“You just don’t win in one arena. You win in your sports. You win in business. You win in your personal life. Other people win because you win. It isn’t just about you. It’s about being able to pull the team and show them what it feels like to win. … When you win, your family wins. When your family wins, you win.” – Tim Grover
Winning should not be all about you. It should be the whole team, the entire company or business, your whole family — everyone involved.
“Every time Michael played … he would say, ‘These individuals are giving me something that is way more valuable than the price of a ticket. They’re giving me their time, which is non-refundable, … whether they’re at the arena, sitting in front of the TV, they’re watching the news, listening to it on the radio back then, whatever it may be.’” – Tim Grover
It’s no wonder Michael Jordan performs at his peak in every game. He’s playing to win at all levels, not just for himself and his team, but also for his fans — the people in the stadium who made an effort to be there and also those who invested in time watching the game from different places across the globe. Because of this mindset, Michael Jordan successfully led the Chicago Bulls to six NBA championships, despite the doubts of many critics. He simply did not allow other people’s doubts to get in the way of his success.
How many times have we stopped pursuing a dream due to fear? Oftentimes, we fear other people’s doubts, allowing them to get in the way of our own success. Tim Grover showed us that fear is normal, and it’s okay to have fear.
“No matter how many times they’ve done things over and over and over again, there’s always been a little bit of fear. … But that fear is what allows them to take the next step. … Instead of fear paralyzing them, it’s their energy. I always say, ‘You can have fear, but you can’t have doubt.’” – Tim Grover
Instead of allowing fear to paralyze us, we can use fear to spark the energy and motivation to take the next step. In fact, fear is a good indication that we are dreaming big.
“When you have that fear, you’ll know that what you’re doing is the right thing because if it’s not fearful enough, your goals are too small. They’re too small.” – Tim Grover
Fear is good, but doubts should have no place in our minds as we pursue our dreams. The moment you start doubting the outcome, you won’t get the results you aim for. So, how do we eliminate doubts?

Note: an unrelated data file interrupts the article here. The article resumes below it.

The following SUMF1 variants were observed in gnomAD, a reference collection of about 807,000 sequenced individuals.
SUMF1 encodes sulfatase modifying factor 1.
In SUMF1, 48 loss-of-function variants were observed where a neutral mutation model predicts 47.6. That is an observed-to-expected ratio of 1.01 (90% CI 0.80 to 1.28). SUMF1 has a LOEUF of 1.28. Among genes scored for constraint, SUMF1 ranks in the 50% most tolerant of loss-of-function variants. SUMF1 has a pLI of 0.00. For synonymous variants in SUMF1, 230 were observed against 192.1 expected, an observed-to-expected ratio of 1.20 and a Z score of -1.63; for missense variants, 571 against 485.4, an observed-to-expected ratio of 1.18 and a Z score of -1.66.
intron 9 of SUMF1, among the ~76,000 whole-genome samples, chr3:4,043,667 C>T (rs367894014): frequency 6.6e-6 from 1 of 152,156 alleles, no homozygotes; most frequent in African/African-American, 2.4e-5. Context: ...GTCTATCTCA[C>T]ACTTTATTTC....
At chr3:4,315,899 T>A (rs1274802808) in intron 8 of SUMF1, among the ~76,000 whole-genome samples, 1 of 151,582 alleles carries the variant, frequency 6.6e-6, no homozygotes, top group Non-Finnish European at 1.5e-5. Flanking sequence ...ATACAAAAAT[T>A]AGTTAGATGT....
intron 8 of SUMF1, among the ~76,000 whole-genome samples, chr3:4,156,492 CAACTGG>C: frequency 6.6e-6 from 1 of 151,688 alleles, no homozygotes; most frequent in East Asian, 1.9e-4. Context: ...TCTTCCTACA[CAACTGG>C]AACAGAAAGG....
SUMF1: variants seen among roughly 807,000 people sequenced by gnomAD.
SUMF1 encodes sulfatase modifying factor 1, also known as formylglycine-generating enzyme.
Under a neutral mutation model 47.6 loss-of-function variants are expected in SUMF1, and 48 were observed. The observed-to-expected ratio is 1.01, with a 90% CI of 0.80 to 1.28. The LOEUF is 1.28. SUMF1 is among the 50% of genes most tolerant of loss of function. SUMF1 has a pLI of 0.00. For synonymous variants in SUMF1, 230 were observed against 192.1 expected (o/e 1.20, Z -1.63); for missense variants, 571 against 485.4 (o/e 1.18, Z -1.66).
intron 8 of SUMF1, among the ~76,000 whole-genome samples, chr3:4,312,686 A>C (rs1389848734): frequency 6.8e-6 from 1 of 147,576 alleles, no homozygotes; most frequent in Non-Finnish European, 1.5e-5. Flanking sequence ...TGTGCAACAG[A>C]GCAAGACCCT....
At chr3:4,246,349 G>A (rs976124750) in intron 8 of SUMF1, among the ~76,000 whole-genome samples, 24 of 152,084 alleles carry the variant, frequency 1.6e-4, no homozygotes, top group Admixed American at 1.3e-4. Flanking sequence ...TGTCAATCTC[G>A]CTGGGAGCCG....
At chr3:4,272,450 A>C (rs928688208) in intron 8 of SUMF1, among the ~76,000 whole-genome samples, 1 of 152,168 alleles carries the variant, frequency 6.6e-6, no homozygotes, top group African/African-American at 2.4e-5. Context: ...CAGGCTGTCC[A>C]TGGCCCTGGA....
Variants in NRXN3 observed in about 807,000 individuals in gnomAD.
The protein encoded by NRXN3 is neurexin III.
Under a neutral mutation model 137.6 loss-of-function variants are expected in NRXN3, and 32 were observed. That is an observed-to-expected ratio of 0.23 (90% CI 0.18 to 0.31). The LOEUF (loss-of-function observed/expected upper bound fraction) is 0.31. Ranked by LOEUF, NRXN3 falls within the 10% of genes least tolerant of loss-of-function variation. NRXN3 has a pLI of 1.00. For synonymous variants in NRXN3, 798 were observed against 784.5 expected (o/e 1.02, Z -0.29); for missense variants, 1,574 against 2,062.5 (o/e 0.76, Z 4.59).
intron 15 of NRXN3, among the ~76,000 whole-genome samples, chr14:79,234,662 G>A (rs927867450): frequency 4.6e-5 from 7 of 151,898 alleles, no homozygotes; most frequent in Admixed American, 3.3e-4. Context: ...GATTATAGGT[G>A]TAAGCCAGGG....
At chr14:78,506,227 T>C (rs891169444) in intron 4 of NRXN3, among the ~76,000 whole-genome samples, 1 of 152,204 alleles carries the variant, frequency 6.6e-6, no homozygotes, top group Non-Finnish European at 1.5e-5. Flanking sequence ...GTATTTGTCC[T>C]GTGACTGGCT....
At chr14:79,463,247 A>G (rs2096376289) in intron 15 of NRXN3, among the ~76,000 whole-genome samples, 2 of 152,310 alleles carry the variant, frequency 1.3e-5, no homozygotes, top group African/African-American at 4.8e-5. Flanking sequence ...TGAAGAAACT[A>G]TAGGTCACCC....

“Never doubt the outcome. Don’t overthink. A lot of times doubting is overthinking. And … overthinking is creating problems that don’t exist. … People are always thinking about the negative things of something they’ve never even done yet — and that creates more self-doubt.” – Tim Grover
Overthinking — does this sound like you? Sometimes, we think so much that we give enough time for doubts to sink in. But if you act quickly and take the next steps, you will eventually get to your dreams.
“I never doubted myself. I never doubted that I was going to win at something. … Even when everybody told me … ‘This is not going to happen.’ … People have to understand that winning has no loyalty to you.” – Tim Grover
You may not win today, but tomorrow you could be the winner. Think about the championship belt, which is transferred from one champion to another because winning has no loyalty. So, if you win today, don’t lie on winnings but keep working to maintain your status or move up to the next level.
Guys, you will surely love this episode about having the mindset of champions, and I’m sure you will find value from our conversation. Listen to the full episode for more wisdom from Tim Grover and don’t forget to share it with your friends. Follow Tim Grover on Instagram, Twitter, and Facebook to get more updates from him, and subscribe to his Youtube channel for access to his videos.
This is the first part of my conversation with Tim, and part two is coming next. So, please join me in Episode 1112 to find out why you need to be selfish to win. We will talk about what happens to us when we acknowledge our self-doubts, the three biggest lessons Tim Grover learned from Kobe Bryant and Dwayne Wade, how to change your life by adopting a winning mindset to yourself, and so much more.
I want to leave you all with this quote from Orrin Woodward who said, “More powerful than the will to win is the courage to begin.”
Big dreams can give us chills. But sometimes, we don’t have the courage to actually just get started with it because we are so afraid of failing. Just do it and take the first step, and everything will start falling into place. But as you chase your dreams, don’t forget to do something great every day.